Escape Velocity

A curated Collection of Fantasy and Science Fiction Media

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The boy is a shepherd on the plains of Andalucía, with a recurring dream of treasure. When a gypsy fortune-teller tells the boy that his treasure is buried near the pyramids of Egypt and a mysterious man tells the boy that he ought to seek out his personal legend, the boy decides to leave behind his life as a shepherd, to sell his flock and to set out on a journey to find the treasure at the foot of the pyramids.

Listened to the Alan R. Clarke translation, narrated by Jeremy Irons. I’m going to have to admit that seeing Irons as the narrator was at least half the reason I finally listened to The Alchemist and he did not disappoint: Irons has an incredible voice that fits the story very well.

The Alchemist is one of these novels that I have been aware of for a long time. I’m not sure why I never read it, but I regret that now. I would have loved to have read this as a kid.

The Alchemist is a retelling of a story told a thousand times: a shepherd boy leaving all he knows behind, travelling to foreign lands, looking for treasure. Of course, he finds and experiences much more along the way, and of course, there is a classic twist at the end.

That classic tale is mostly a vehicle, however, for the book’s message: that everyone has a personal legend, and that the universe will conspire to help a person who is on their way to achieving that personal legend. It is a book about seeking out and committing to your destiny, no matter the setbacks along the way.

It is a beautiful and inspiring message, even if I’m not sure I agree: the world is a rather unyielding and unfair place, and even people trying really hard sometimes don’t make it. Still, Coelho’s characters are so confident that I didn’t doubt for a moment that the boy would manifest that personal legend.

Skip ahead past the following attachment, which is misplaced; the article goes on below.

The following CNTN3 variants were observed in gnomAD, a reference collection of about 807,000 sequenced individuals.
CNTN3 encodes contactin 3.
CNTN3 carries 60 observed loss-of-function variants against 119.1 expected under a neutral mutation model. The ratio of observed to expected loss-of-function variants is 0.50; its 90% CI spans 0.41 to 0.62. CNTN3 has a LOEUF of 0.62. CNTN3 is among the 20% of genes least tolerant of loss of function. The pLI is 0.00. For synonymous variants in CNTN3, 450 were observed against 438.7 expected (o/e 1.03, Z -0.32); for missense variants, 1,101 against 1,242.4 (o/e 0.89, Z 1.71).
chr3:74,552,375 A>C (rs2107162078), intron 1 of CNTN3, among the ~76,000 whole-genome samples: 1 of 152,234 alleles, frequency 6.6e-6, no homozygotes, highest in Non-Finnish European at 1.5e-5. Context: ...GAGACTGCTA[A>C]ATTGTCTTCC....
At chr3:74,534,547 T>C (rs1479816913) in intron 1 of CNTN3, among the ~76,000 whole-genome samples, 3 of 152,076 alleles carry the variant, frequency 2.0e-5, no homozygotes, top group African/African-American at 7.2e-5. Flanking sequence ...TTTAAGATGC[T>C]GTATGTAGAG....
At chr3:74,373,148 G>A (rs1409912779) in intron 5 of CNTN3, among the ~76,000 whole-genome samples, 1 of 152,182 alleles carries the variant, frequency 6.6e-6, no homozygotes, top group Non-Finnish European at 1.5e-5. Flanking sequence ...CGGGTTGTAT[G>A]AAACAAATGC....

Perhaps the best thing about The Alchemist is its length. It is about four hours of listening, I would venture about 200 pages long. On the right day, you could definitely finish it in a single inspirational and heart-warming sitting.

I love the simplicity, the single-minded focus of The Alchemist. There is not a word spent on a tangent, never a second thought required from the reader. The plot follows predictable lines, the book is set in the real world, many of the characters are stereotypes – all so that the reader keeps his mind on what really matters: the message.

The focus on the message is reinforced by the simple and elegant style of the book. To give one example: the main character is named in the first sentence of the book, but that is the only time his name is used; through the rest of the novel, he is just ‘the boy’. That this makes perfect sense throughout the novel is a sign of Coelho’s craftsmanship.

Especially because it is so short, I would whole-heartedly recommend The Alchemist to almost anyone: cynical folks like me who need a break, the better-natured readers looking for an inspirational tale to reinforce their energy, even readers who have never tried fantasy before and want to dip their toes in the water via Coelho’s simple magical realism. I am sure each and every one of them would remember The Alchemist for the rest of their lives.

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